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George Gershwin (sheet music in the #smlpdf)

George Gershwin (sheet music in the #smlpdf)

free scores sheet music George Gershwin

Best Sheet Music download from our Library.

George Gershwin – Rialto Ripples
George Gershwin – American in Paris Songbook, An – A New Musical( sheet music)


George Gershwin – Greatest Hits (Book), including the songs:

  • Bidin’ My Time
  • But Not For Me
  • Embraceable You
  • A Foggy Day
  • I Got Plenty O Nuttin
  • I Got Rhythm
  • It Ain’t Necessarily So
  • I’Ve Got A Crush On You
  • Let’s Call The Whole Thing Off
  • Liza
  • Love Is Here To Stay
  • Love Is Sweeping The Country
  • The Man I Love
  • Maybe
  • Of Thee I Sing
  • Oh Lady Be Good
  • Rhapsody In Blue
  • Somebody Loves Me
  • Someone To Watch Over Me
  • Strike Up The Band
  • Summertime
  • Swanee
  • S Wonderful
  • They All Laughed
  • They Can’t Take That Away From Me
  • Who Cares


George Gershwin – I Got Plenty O Nuttin
George Gershwin – I Loves You Porgy
George Gershwin – It’s Easy To Play George Gershwin, including:

  • A Foggy Day
  • But Not For Me
  • Embraceable You
  • Fascinating Rhythm
  • I Got Rhythm
  • I’Ll Build A Stairway To Paradise
  • Let’s Call The Whole Thing Off
  • Nice Work If You Can Get It
  • Oh Lady Be Good
  • Somebody Loves Me
  • Someone To Watch Over Me
  • Summertime
  • Swanee
  • S’Wonderful
  • They All Laughed
  • They Can’t Take That Away From Me


George Gershwin – Own Transcriptions Do It Again (piano solo)
George Gershwin – Prelude No. 1 arr. for Guitar with TABs
George Gershwin – Prelude No. 2 arr. for Guitar with TABs
George Gershwin – Prelude No. 3 arr. for Guitar with TABs
George Gershwin – Summertime (Piano, Vocal, Guitar chords)
George Gershwin – Summertime (Solo – Miles Davis)
George Gershwin – Summertime Arr. For Guitar solo


George Gershwin – The Greatest Songs Of George Gershwin, contents:

1. The Real American Folk Song
2. Bess You Is My Woman
3. I Got Plenty O’ Nuttin
4. It Ain’t Necessarily So
5. My Man’s Gone Now
6. Oh Bess, Oh Where’s My Bess
7. Summertime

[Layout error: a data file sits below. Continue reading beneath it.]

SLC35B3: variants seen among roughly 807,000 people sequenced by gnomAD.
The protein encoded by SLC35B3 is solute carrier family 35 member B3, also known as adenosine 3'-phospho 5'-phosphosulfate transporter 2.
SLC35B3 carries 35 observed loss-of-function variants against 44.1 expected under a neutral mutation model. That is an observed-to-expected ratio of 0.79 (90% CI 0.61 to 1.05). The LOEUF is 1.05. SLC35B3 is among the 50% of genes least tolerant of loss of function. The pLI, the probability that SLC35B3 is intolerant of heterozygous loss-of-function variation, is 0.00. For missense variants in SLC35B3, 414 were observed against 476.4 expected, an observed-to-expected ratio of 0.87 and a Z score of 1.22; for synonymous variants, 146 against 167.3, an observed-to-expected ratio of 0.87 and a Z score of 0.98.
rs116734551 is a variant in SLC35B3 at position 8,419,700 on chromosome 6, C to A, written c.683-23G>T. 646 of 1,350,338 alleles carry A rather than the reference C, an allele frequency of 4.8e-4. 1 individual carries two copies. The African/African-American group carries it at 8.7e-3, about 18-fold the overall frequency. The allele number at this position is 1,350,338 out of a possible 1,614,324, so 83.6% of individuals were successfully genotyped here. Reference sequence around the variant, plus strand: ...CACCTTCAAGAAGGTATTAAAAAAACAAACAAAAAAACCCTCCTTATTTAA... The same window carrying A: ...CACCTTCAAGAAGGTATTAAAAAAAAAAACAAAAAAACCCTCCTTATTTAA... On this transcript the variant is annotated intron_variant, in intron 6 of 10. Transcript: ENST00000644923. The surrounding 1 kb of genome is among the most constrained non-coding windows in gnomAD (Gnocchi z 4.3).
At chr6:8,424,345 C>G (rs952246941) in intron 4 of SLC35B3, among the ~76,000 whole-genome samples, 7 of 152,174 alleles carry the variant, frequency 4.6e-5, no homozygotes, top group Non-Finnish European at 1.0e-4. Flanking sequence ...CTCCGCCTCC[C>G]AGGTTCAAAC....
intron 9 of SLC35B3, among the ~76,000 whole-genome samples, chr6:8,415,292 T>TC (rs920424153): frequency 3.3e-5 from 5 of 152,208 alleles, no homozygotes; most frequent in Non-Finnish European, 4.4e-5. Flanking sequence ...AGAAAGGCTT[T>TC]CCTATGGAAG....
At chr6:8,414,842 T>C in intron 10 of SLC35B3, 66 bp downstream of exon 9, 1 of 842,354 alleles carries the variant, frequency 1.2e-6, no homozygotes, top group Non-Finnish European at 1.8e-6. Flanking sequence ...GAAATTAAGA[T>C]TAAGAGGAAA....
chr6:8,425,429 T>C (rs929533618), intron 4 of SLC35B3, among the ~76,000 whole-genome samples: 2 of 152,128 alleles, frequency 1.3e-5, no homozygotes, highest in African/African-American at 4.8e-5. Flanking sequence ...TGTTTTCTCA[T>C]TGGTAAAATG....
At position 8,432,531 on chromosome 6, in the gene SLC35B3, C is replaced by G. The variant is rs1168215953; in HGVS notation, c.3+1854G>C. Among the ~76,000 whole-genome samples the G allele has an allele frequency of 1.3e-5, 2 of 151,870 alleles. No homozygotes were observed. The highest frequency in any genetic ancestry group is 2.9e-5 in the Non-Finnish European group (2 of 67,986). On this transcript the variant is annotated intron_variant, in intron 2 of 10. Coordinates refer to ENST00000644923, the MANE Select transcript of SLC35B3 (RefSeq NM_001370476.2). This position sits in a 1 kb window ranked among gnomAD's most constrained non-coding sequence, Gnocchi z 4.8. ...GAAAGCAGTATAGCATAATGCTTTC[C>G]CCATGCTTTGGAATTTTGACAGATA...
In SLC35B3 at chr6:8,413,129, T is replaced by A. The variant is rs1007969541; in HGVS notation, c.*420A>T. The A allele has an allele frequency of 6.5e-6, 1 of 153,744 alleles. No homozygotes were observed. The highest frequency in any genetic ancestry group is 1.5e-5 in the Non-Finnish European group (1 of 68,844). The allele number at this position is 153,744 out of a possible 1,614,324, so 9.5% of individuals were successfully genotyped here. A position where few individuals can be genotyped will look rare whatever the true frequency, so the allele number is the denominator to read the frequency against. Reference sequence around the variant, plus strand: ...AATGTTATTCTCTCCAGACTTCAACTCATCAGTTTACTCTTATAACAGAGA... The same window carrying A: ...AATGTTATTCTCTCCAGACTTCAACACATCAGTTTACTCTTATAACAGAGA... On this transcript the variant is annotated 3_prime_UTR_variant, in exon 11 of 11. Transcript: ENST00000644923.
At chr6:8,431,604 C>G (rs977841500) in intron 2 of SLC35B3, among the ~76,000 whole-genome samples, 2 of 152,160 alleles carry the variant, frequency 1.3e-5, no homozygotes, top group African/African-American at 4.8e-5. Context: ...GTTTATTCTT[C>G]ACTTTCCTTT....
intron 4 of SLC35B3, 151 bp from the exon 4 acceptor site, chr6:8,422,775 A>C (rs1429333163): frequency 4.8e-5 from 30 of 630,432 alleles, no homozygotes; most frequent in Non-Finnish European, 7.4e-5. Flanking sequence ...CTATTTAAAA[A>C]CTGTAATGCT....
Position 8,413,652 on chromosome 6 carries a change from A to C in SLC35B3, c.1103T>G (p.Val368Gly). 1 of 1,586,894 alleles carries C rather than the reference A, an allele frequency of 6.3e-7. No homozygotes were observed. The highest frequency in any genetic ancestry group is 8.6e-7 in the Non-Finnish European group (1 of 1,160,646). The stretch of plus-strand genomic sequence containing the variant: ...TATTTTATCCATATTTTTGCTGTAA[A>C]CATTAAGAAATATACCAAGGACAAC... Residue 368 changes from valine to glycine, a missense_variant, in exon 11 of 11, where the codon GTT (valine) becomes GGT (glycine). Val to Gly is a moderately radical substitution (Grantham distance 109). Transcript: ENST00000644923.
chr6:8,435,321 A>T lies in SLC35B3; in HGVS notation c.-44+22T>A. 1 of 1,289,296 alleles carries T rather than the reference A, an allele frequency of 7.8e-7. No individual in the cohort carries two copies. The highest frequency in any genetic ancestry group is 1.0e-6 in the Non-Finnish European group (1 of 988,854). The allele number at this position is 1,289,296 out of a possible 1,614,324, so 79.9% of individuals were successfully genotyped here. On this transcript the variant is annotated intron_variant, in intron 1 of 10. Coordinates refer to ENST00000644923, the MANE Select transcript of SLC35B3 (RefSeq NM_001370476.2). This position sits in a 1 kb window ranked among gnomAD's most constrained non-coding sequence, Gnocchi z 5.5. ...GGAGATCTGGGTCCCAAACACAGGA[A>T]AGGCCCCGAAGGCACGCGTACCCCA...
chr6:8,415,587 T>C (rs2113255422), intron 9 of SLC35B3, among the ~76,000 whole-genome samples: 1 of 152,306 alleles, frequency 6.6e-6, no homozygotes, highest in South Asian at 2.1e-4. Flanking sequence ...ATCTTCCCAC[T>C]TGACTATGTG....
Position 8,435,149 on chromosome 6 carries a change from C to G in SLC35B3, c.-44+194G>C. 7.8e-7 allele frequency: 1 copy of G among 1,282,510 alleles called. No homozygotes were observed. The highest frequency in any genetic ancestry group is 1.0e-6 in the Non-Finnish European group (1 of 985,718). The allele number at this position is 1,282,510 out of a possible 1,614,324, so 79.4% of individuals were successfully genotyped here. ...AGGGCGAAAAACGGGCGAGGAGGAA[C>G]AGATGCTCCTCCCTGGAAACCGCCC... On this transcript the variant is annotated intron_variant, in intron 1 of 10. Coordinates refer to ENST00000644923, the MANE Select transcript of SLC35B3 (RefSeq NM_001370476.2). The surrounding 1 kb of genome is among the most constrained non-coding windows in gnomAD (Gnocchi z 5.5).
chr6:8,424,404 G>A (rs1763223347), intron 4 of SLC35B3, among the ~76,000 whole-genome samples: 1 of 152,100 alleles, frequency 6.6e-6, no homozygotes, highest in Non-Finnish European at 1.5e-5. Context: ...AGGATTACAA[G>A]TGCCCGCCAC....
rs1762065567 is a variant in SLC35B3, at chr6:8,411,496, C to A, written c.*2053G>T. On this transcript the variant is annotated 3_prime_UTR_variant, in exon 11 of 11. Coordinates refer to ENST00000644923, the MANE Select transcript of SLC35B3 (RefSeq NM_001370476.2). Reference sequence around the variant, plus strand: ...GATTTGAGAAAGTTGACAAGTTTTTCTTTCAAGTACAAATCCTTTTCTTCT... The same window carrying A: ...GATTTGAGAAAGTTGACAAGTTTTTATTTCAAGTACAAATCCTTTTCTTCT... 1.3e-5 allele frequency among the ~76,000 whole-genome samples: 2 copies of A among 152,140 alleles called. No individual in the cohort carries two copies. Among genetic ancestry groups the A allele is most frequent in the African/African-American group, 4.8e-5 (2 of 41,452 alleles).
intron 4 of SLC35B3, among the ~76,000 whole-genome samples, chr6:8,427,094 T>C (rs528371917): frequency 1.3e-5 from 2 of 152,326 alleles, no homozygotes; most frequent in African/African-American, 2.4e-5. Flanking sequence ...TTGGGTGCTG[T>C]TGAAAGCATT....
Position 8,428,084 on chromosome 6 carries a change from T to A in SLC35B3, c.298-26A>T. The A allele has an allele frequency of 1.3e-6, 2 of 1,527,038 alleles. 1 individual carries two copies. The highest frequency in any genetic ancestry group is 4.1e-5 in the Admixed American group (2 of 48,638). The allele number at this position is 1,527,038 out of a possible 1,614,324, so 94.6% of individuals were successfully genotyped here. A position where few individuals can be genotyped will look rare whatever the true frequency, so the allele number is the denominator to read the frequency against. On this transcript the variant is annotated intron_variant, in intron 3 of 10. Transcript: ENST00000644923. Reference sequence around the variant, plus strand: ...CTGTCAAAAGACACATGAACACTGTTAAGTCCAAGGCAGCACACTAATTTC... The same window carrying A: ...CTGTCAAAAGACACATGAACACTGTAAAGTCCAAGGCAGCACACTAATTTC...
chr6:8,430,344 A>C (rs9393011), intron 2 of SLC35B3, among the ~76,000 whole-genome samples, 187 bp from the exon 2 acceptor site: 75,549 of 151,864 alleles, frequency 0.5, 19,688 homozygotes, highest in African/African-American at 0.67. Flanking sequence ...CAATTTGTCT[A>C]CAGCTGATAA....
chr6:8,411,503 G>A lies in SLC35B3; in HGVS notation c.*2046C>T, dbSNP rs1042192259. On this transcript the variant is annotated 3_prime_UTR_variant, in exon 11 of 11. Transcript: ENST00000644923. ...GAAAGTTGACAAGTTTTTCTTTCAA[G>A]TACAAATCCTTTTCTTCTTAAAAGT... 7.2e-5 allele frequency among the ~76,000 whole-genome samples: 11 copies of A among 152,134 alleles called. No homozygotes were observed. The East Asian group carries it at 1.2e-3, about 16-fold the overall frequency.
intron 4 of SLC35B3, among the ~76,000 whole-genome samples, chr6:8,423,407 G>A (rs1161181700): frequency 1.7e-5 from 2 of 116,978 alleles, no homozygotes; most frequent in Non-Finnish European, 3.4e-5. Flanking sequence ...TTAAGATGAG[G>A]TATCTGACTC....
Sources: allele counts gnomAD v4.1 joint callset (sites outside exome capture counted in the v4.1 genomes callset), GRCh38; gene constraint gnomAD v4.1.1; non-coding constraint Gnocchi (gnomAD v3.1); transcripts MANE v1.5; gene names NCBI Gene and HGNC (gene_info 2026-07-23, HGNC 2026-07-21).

8. There’s A Boat Dat’s Leavin’ Soon For New York
9. A Woman Is A Sometime Thing
10. Just Another Rhumba
11. Slap That Bass
12. (I’ve Got) Beginner’s Luck
13. Let’s Call The Whole Thing Off
14. Promenade (Piano Solo)
15. Shall We Dance
16. They All Laughed
17. A Foggy Day
18. I Can’t be Bothered Now
19. The Jolly Tar and The Milk Maid
20. Nice Work If You Can Get It
21. I Love To Rhyme
22. I was Doing All Right
23. Love Is Here To Stay
24. Love Walked In
25. The Back Bay Polka
26. For You, For Me, For Evermore
27. They Can’t Take That Away From me
28. By Strauss
29. Sophia
30. All The Livelong Day (And the long, long night)

George Gershwin Jazz Piano Solos Series Volume 26 (George Gershwin), contents:

  • Bidin’ My Time
  • But Not For Me
  • Embraceable You
  • Fascinating Rhythm
  • A Foggy Day (In London Town)
  • How Long Has This Been Going On?
  • I Got Plenty O’Nuttin’
  • I Got Rhythm
  • I Loves You, Porgy
  • I’ve Got A Crush On You
  • It Ain’t Necessarily So
  • Let’s Call the Whole Thing Off
  • Love Is Here to Stay
  • Love Walked In
  • The Man I Love
  • Nice Work If You Can Get It
  • Oh, Lady Be Good!
  • ‘S Wonderful
  • Somebody Loves Me
  • Someone to Watch Over Me
  • Summertime
  • They All Laughed
  • They Can’t Take That Away from Me


George Gershwin – The Life And Music Of (book by David Ewen) 1956
George Gershwin – The Memory Of All That The Life of George Gershwin (book by Joan Peyser)
George Gershwin – Will Donaldson – Rialto Ripples (Ragtime – Rag)
George Gershwin -The Gershwin Style (New Looks at the Music of George Gershwin) Book by Wayne Schneider
George Gershwin A Foggy Day
George Gershwin An Intimate Portrait by Walter Rimler (Book)
George Gershwin and Oscar Peterson Recueil Jazz Compositions Collection
George Gershwin His Life And Work by Howard Pollack (Book)
George Gershwin Jazz Songs Sheet Music, including:

Fascinating Rhythm …………………………………… 7
The Man I Love ………………………………………… 9
Oh, Lady, Be Good …………………..………………. 11 .
Someone To Watch Over Me ……………………… 14
‘S Wonderful ……………………………………………. 16
Strike Up The Band ………………………………….. 19
Soon ………………………………………………………. 22
But Not For Me ……………………………………….. 25